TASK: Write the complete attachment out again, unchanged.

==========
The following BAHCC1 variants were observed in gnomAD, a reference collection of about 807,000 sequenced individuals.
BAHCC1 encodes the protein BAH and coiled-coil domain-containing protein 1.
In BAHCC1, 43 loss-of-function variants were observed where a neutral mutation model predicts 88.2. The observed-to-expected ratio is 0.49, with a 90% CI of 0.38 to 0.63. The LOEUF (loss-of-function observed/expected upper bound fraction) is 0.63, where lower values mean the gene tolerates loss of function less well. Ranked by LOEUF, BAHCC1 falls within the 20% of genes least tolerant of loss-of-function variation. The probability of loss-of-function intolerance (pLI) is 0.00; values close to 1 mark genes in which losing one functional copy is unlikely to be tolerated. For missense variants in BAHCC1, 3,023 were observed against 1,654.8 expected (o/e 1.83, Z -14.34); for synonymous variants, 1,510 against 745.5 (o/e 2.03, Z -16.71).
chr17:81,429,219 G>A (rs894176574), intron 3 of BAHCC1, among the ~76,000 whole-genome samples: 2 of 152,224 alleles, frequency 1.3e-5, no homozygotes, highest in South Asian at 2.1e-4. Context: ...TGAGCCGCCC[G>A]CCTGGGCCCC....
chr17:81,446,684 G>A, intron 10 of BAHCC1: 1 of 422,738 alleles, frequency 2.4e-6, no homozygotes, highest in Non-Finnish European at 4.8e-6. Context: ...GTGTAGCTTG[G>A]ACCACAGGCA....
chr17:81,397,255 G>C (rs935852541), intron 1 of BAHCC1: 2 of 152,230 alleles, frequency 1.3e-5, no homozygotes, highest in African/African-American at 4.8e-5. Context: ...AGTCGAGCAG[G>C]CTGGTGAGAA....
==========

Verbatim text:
The following BAHCC1 variants were observed in gnomAD, a reference collection of about 807,000 sequenced individuals.
BAHCC1 encodes the protein BAH and coiled-coil domain-containing protein 1.
In BAHCC1, 43 loss-of-function variants were observed where a neutral mutation model predicts 88.2. The observed-to-expected ratio is 0.49, with a 90% CI of 0.38 to 0.63. The LOEUF (loss-of-function observed/expected upper bound fraction) is 0.63, where lower values mean the gene tolerates loss of function less well. Ranked by LOEUF, BAHCC1 falls within the 20% of genes least tolerant of loss-of-function variation. The probability of loss-of-function intolerance (pLI) is 0.00; values close to 1 mark genes in which losing one functional copy is unlikely to be tolerated. For missense variants in BAHCC1, 3,023 were observed against 1,654.8 expected (o/e 1.83, Z -14.34); for synonymous variants, 1,510 against 745.5 (o/e 2.03, Z -16.71).
chr17:81,429,219 G>A (rs894176574), intron 3 of BAHCC1, among the ~76,000 whole-genome samples: 2 of 152,224 alleles, frequency 1.3e-5, no homozygotes, highest in South Asian at 2.1e-4. Context: ...TGAGCCGCCC[G>A]CCTGGGCCCC....
chr17:81,446,684 G>A, intron 10 of BAHCC1: 1 of 422,738 alleles, frequency 2.4e-6, no homozygotes, highest in Non-Finnish European at 4.8e-6. Context: ...GTGTAGCTTG[G>A]ACCACAGGCA....
chr17:81,397,255 G>C (rs935852541), intron 1 of BAHCC1: 2 of 152,230 alleles, frequency 1.3e-5, no homozygotes, highest in African/African-American at 4.8e-5. Context: ...AGTCGAGCAG[G>C]CTGGTGAGAA....